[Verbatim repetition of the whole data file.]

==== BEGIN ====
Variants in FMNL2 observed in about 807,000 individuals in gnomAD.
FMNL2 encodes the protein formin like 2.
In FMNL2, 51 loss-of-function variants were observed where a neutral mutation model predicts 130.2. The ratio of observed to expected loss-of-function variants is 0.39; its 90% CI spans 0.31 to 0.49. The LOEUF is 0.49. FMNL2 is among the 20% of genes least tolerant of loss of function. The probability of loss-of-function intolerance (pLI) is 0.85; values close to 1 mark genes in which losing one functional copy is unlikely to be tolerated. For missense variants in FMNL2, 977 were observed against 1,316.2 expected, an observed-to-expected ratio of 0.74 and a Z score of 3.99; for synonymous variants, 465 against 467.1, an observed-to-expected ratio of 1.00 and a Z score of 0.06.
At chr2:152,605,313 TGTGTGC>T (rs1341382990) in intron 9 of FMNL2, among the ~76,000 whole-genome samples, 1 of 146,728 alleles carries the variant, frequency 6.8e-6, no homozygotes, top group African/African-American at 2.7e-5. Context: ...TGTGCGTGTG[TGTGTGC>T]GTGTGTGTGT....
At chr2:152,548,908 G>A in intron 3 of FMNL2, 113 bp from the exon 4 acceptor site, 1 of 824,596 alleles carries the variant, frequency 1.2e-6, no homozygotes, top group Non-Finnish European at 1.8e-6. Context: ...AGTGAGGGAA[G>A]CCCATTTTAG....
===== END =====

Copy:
Variants in FMNL2 observed in about 807,000 individuals in gnomAD.
FMNL2 encodes the protein formin like 2.
In FMNL2, 51 loss-of-function variants were observed where a neutral mutation model predicts 130.2. The ratio of observed to expected loss-of-function variants is 0.39; its 90% CI spans 0.31 to 0.49. The LOEUF is 0.49. FMNL2 is among the 20% of genes least tolerant of loss of function. The probability of loss-of-function intolerance (pLI) is 0.85; values close to 1 mark genes in which losing one functional copy is unlikely to be tolerated. For missense variants in FMNL2, 977 were observed against 1,316.2 expected, an observed-to-expected ratio of 0.74 and a Z score of 3.99; for synonymous variants, 465 against 467.1, an observed-to-expected ratio of 1.00 and a Z score of 0.06.
At chr2:152,605,313 TGTGTGC>T (rs1341382990) in intron 9 of FMNL2, among the ~76,000 whole-genome samples, 1 of 146,728 alleles carries the variant, frequency 6.8e-6, no homozygotes, top group African/African-American at 2.7e-5. Context: ...TGTGCGTGTG[TGTGTGC>T]GTGTGTGTGT....
At chr2:152,548,908 G>A in intron 3 of FMNL2, 113 bp from the exon 4 acceptor site, 1 of 824,596 alleles carries the variant, frequency 1.2e-6, no homozygotes, top group Non-Finnish European at 1.8e-6. Context: ...AGTGAGGGAA[G>A]CCCATTTTAG....